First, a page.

I hated the teacher (don’t get me started, maybe later), but I loved the class. It gave me an excuse to draw, fail, learn from it, and grow.The true benefit of an art class, of any kind, is that it forces you to produce work that you might give up on in other circumstances. It allows you the permission to work on something that you know you will most likely throw away. It helps you push yourself where you wouldn’t normally go.
Well, despite what that stupid art “teacher” thought, it turns out I’m not bad. I had a rather jarring déjà vu moment at some point as well. I remembered the time I spent living with my Nana for about 6 months when I was 13. She was a painter, and I came across her paints and easel at some point and asked her to teach me to paint.
There had always been something magical to me about exploring my Nana’s houses; it always brought back the memories of spending summers and Christmases with my sisters and cousins at her two story house in Westwood (Northern CA, not Southern). The house had a truly magical, to a 7 year old, closet that went undisturbed from one end of the house to the other on the second story. There was another one on the opposite wall if I’m not mistaken. Those closets scared the hell out of me, and to walk from one room to the other was something I don’t think I ever managed. There was a large dark space from door to door; I don’t believe there were lights in the closet, actually. But that could have just been my sisters and cousins tormenting me as usual. So I would often ask my Nana to teach me how to use things I found. It’s the reason I asked her to teach me to sew. I couldn’t resist the antique sewing machine in the corner of my room. Well, though she seemed to do a good job teaching me to become a seamstress, she was a terrible art teacher. She set me up with the paints and easel (I couldn’t tell you if they were oil, acrylic, or water) in the back yard, and said, “Paint what you see”, and walked back into the house. I tried a few desperate stokes on the canvass, realized I knew zero about what I was doing, decided I was not a prodigy, and never tried another art project again until the day I found my talent. After a few figure drawing (the best class in the universe, I could easily sit in a figure drawing class for an 8 hour day) and painting classes (very close second, but I can paint at home, so…) my painting hobby began. Unfortunately, I tend to be a little light on the manic and heavy on the depressive, so I don’t produce much. Shame on me, no talent should be wasted. But I have to be creative all day being a haircolor and make-over specialist, so get off my back.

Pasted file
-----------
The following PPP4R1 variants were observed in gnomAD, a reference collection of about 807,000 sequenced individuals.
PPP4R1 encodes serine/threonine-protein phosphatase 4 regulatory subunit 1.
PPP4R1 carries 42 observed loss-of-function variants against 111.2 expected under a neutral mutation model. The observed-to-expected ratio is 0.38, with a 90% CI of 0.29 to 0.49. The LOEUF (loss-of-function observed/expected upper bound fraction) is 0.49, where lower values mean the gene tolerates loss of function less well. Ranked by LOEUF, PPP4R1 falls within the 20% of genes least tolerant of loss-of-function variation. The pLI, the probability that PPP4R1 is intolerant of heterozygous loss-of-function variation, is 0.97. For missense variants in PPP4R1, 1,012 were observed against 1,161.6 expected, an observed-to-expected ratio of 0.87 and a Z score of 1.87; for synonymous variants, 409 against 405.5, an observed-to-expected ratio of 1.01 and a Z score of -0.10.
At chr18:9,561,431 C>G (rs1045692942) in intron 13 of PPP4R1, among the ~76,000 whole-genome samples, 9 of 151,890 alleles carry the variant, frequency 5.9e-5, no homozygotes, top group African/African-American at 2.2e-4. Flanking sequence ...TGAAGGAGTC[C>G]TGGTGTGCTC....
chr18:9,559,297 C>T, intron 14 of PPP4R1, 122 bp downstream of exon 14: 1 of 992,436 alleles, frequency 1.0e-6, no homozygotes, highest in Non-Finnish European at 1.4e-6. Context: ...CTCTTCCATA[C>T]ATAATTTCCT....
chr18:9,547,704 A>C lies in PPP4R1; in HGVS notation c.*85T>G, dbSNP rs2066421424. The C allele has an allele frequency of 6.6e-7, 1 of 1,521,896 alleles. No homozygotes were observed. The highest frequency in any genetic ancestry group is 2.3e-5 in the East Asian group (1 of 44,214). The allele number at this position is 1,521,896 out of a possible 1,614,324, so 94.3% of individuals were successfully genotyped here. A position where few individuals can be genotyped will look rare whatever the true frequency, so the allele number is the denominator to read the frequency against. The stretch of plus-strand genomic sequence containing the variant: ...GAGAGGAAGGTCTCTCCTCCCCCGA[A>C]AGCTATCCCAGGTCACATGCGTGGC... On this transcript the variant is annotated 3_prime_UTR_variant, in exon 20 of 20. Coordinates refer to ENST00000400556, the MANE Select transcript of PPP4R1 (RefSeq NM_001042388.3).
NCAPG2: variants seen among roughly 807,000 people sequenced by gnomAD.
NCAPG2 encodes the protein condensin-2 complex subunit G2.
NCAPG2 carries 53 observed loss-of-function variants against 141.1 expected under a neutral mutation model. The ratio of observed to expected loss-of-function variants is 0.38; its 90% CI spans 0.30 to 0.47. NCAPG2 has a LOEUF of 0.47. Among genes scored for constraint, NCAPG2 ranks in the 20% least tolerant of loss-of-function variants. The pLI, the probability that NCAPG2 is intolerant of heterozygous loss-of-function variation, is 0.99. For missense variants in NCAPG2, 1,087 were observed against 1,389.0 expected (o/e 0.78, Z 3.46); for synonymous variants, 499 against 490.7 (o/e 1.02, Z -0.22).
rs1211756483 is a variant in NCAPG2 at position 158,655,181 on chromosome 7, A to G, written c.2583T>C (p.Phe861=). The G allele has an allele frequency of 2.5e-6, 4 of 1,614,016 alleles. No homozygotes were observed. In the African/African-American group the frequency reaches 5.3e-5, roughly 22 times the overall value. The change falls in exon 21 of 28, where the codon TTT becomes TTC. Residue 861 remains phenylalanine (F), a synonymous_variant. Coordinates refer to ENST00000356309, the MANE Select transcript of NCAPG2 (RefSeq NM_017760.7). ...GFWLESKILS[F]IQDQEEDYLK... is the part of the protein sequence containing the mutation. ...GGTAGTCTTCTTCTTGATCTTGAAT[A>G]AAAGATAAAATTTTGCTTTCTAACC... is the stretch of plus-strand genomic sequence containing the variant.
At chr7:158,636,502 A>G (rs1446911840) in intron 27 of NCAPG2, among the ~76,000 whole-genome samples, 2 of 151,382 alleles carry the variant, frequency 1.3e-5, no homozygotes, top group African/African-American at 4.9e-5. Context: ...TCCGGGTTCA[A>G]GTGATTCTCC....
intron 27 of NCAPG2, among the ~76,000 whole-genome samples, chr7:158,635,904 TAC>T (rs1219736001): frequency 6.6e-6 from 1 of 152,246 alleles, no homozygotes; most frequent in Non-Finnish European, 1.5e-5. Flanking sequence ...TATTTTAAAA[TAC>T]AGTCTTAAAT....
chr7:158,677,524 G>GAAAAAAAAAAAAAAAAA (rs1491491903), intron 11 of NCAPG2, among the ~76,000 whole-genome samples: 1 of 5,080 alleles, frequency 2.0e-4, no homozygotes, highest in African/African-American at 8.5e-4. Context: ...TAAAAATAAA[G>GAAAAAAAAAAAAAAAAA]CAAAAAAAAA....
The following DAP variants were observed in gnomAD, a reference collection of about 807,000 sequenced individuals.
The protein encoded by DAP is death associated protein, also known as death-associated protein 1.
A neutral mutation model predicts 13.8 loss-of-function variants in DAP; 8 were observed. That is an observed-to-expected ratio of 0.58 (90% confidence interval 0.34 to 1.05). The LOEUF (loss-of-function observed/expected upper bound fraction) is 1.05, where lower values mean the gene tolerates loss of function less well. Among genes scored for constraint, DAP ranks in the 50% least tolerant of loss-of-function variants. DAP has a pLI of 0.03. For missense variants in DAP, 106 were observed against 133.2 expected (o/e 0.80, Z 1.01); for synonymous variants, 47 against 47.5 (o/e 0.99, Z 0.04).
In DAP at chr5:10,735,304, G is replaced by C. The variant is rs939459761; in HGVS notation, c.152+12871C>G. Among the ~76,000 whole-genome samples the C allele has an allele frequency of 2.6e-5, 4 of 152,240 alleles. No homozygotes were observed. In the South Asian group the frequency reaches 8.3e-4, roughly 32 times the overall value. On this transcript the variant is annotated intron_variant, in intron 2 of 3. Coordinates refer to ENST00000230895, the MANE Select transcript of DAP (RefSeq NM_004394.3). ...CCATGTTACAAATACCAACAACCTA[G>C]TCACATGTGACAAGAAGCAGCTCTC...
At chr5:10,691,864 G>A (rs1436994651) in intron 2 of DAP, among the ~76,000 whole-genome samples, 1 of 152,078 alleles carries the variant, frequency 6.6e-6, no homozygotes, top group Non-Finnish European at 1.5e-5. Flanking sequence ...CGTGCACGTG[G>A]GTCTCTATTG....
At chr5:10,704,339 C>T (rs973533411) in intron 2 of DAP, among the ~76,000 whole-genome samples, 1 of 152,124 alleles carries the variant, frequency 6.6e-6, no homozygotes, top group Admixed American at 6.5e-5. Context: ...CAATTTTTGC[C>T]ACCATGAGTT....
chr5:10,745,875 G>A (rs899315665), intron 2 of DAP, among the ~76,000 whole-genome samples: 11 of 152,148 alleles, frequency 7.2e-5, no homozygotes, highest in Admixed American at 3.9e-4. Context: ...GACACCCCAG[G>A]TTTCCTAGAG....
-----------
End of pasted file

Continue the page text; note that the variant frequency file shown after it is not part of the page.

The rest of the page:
I decided shortly after my fourth figure drawing class, and my third painting class, that I needed money more than school, and I ended up full time back in Davis. Within a year I purchased the salon and gave up on the art classes altogether. I have to stop letting women lead me astray (don’t get me started).